The victory of Law and Justice (PiS) in the 2015 Polish parliamentary elections came as a shock to all those who deemed Poland securely set on liberal democratic tracks. The new ruling party and its leader, Jarosław Kaczyński, have since embarked the Polish nation upon a fierce battle with the European Union to regain its sovereignty and, together with it, its “dignity”. This paper, written by Aziliz Gouez, associate research fellow at the Jacques Delors Institute, examines the roots of Law and Justice’s appeal amongst the Polish electorate and its resonance beyond Poland. Indeed the political and cultural agenda championed by Poland’s national-conservative party is one that is gaining ground, not just in neighbouring Hungary and in Central Europe, but across the European Union. An “alternative idea for Europe” is emerging, which conjures up interpretations of democracy and solidarity, of the articulation between national and supra-national, as well as notions of identity, values and religion that run right to the heart of the European project as we know it.
Through the case of Poland, this paper thus intends to contribute to our understanding of the profound political shifts underway in Europe today. It starts by analysing the social dimension of PiS’s political project, its emphasis on the province, on redistribution, and on the role of state intervention. It then turns to the distinctive ideological grammar and historical repertoire that shape the Polish government’s politics of national identity. Doing so, it looks at how these two strands of Law and Justice’s project – social policy and nationalist assertion – feed off one another. For it is the conflation between personal and national dignity, between redistributive justice and national revival, which defines PiS’s specific brand of politics, and its strength. It is not just through the distribution of material benefits that Law and Justice appeals to Polish voters, but also by giving them a stake in the national drama, by offering them a shelter, a place in the world – a place of which they can be proud, a country that is theirs, and theirs only.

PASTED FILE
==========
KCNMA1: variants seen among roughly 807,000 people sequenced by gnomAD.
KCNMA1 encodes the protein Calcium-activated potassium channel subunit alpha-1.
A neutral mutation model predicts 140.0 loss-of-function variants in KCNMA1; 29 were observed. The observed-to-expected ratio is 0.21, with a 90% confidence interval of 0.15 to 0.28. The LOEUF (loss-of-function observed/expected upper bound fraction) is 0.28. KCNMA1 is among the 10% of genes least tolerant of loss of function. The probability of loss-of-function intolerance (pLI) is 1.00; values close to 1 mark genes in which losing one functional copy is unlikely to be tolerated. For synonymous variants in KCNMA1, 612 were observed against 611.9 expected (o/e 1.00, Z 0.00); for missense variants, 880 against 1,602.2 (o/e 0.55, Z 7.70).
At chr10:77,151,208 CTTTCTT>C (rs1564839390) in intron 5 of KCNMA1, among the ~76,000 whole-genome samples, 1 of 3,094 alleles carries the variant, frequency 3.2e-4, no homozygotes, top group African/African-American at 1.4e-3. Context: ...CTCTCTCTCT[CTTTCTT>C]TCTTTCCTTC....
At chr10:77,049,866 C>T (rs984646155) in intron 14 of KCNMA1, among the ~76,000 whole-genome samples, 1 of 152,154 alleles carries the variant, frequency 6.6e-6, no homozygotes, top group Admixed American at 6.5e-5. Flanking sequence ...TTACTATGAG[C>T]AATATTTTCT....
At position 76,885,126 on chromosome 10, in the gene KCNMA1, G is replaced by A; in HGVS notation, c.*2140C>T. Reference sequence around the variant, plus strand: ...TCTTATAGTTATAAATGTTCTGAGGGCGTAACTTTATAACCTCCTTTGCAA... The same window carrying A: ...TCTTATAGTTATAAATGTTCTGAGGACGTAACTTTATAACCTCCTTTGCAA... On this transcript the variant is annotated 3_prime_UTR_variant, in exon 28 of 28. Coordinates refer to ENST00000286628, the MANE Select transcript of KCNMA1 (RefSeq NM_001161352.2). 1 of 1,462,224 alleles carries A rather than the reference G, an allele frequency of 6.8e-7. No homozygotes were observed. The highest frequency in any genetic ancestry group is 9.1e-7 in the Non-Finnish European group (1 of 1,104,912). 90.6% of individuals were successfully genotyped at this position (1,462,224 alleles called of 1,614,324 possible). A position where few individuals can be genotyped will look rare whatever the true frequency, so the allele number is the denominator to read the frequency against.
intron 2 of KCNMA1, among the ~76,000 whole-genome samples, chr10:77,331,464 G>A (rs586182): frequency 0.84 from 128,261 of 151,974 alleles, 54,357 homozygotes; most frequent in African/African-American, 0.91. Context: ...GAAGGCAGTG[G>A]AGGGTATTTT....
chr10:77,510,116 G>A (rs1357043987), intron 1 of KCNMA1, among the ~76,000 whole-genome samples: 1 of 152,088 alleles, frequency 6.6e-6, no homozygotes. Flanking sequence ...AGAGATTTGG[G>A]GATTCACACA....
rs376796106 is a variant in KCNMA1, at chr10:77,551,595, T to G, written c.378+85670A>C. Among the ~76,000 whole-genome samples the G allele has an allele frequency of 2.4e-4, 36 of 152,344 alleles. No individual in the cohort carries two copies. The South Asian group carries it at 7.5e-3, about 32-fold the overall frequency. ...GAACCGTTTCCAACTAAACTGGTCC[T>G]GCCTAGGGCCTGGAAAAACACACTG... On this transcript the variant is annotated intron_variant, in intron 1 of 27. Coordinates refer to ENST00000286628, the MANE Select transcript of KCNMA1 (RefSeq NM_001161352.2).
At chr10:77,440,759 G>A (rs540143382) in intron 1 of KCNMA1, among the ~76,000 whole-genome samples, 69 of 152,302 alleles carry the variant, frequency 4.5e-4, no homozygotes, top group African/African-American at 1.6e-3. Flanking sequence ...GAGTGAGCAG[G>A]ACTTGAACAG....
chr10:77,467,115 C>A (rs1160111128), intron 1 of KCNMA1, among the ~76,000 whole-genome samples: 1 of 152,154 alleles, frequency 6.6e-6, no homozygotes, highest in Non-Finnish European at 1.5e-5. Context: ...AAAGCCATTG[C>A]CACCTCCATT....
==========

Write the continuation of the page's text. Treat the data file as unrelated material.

Ultimately, this paper is an invitation to reflect on the conditions for a renewal of liberal pluralism in Europe today. Can an alternative be built to the Kaczyński-Orbán-Salvini agenda – an alternative which would do justice to the aspirations for place, identity, community and equality which are mounting across Europe while holding firm on the four freedoms, on universalist principles and on liberal pluralism? These are the questions which the Polish liberal opposition and the Polish left, but also the next European Parliament, will have to tackle head on.